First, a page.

From: Jeff Bone (firstname.lastname@example.org)
Date: Tue May 15 2001 - 10:13:12 PDT
> WElcome to the human race, where decissions are not easily drawn on a
> blackboard so the dorm denizens can play disention games with it.
Tom, that's too easy. When the defense of something is "well, the real world is too messy
to yield to reason and logic" you know something's gone awry with the argument.
> Now lets follow the train one more time. Any life is pretty cool. Human
> life is really cool in that it appears that given some time it becomes
> conscious enough to interact with.
Or, I would put it this way: human biology is really cool in that it appears that given
some time it becomes human life. The biology is necessary but not sufficient, IMO, for
the grand notion of "humanity" or "human life."
> HEnce Each life is of value, and each death of that life ends that life,
> so if you have anything to do with ending that life you must either accpet
> the ending of the potentioal or be oblivious and just end it.
So you're arguing for "potential," and you readily admit that we have no way of knowing
when life's potential ends. Hence, you must therefore believe that pulling the plug is
wrong --- just think of all the cases of flatlines coming back. Except, you don't believe
that pulling the plug is wrong. Your argument is inconsistent, hence your belief
structure in this context is inconsistent.
> Therefore... I value life and recognize that death ends it.
So now we not only have to define "human life," we've got to define death, too? Oh,
> It is not black or white.
You should just say what you mean, i.e., "I can't make my belief structure make logical
sense." I'll readily agree with that. I'm not sure these are sensible questions to be
asking at all, when dealing with these icky concepts like human life and human death. We
can be logical, arbitrary, and consistent, or we can agree that this is outside the domain
of what can be reasoned about. If we're making laws about this stuff, it's got to be on
the basis of the former.
Given the ambiguity, IMO one of two things should obtain: either that the definitions we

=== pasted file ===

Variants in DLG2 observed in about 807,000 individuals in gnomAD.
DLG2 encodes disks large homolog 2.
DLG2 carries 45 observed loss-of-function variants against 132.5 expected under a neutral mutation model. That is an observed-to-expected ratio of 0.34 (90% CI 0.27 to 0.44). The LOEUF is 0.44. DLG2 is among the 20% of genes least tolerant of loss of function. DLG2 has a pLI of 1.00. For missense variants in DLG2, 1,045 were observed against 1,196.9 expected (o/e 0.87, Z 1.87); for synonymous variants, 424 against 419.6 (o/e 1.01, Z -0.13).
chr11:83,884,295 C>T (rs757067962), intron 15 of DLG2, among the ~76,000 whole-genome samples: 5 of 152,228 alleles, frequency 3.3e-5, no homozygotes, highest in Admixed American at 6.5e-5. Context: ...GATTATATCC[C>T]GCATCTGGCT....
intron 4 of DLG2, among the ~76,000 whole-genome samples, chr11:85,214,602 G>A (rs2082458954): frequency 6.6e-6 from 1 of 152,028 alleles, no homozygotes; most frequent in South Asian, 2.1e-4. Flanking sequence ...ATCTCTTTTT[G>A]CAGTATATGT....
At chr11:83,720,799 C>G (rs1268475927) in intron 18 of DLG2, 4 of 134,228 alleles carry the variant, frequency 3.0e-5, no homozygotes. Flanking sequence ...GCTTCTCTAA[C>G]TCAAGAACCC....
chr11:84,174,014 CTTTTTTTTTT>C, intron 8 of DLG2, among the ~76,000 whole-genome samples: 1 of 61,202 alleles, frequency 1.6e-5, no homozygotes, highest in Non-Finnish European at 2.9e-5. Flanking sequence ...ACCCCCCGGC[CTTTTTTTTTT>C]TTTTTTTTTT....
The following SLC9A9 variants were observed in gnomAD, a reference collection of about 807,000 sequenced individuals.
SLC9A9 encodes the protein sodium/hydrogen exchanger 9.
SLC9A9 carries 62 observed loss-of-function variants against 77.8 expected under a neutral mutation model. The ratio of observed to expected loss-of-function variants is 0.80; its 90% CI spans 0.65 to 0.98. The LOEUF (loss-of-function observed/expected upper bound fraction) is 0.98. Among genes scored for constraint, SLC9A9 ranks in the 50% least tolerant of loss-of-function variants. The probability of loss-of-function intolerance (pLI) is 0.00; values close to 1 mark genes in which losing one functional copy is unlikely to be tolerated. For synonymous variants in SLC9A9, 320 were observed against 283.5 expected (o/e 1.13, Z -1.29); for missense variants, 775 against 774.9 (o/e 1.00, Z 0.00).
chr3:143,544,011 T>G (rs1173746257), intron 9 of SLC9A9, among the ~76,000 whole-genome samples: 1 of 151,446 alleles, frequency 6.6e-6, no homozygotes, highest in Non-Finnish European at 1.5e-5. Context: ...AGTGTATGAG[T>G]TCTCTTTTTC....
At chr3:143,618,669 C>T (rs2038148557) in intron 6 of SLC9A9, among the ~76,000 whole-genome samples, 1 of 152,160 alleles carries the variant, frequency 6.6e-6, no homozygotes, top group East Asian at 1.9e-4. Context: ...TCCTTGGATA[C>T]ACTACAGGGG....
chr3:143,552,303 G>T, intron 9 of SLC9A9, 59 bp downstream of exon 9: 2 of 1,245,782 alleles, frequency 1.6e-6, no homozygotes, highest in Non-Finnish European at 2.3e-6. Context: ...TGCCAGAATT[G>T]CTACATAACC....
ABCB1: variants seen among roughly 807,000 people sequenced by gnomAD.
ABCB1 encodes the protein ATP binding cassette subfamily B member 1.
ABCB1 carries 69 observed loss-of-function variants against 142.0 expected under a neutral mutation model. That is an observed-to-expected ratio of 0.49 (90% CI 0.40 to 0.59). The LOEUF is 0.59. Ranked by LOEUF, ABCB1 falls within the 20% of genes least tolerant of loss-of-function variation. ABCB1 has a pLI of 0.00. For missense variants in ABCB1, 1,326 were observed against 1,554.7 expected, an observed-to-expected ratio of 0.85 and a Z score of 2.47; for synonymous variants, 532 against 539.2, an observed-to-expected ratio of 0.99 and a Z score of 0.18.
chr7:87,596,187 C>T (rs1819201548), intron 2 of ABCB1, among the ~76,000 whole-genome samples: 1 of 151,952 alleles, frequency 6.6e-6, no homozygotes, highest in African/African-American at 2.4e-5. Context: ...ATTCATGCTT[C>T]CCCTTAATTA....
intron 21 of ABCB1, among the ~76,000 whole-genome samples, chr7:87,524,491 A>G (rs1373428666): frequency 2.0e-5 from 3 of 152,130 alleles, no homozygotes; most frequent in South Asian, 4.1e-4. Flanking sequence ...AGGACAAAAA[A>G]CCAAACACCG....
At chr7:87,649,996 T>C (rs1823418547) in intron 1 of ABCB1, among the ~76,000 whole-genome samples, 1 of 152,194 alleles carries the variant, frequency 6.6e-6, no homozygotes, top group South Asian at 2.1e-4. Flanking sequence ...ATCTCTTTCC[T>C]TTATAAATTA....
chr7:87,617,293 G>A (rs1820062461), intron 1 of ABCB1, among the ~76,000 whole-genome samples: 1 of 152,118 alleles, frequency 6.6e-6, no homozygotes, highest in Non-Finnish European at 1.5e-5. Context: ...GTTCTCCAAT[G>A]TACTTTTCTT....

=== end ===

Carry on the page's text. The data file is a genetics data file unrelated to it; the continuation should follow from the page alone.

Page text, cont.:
must use for constructing laws about these things are necessarily arbitrary, and therefore
should be maximally "liberal" in preservation of individual liberty, or that we should
recognize that arbitrary definitions in this area are dangerous and therefore we should
carefully steer clear of these kinds of things in our body of law.
> Both? you see just two? I see a few billion ways.
Sorry, let me put it more specifically. It's about body or mind or both. Those are
really the only three general permutations by which you can define "human life." Either a
viable biological unit is a life, or a mind is a life, or the combination of the two is a
life. We can't actually discuss the issue rationally until you're consistent in applying
the same standards in all cases of determining when human rights apply and when they
> How is it you see the multitude of life as an either or thing. I dont
> think I have thought that way since maybe the age of 5 or so. No dig, its
> just things become, upon living around them, more and more
> individualistic, decissions seem more multifaceted and multi impacting,
> then just THis or THAT. Yes multifaceted complex equations can be borken
> down into smaller parts, but even those parts hold a Mandelbrot set of
> complexity. Patterns emerge, fade, and morph and this can help us from
> decissionto decission..but until your there then doing, its all conjecture
> and spec... it might be good conjecture and spec and given the
> patternization might even hold up to be valid, but the cat is still
> unkown while its in the box.
Yeah, yeah. Tom, you're dangerously close to one of the great ills of our age, i.e.
spiritualizing science. Life's ambiguous, I'll admit. Law is, too, unfortunately, but
should not be in an ideal sense. Whether or not there's ambiguity, it is possible to
reason logically about things. Law should strive for logic, and logic is all about either
> Ther are those who will say "whats all this emotional crap, its a yes or
> no answer" and to that I gota say "how little do you value life?"
I value (human) life too much to cheapen it by calling a little clot of diploid cells a
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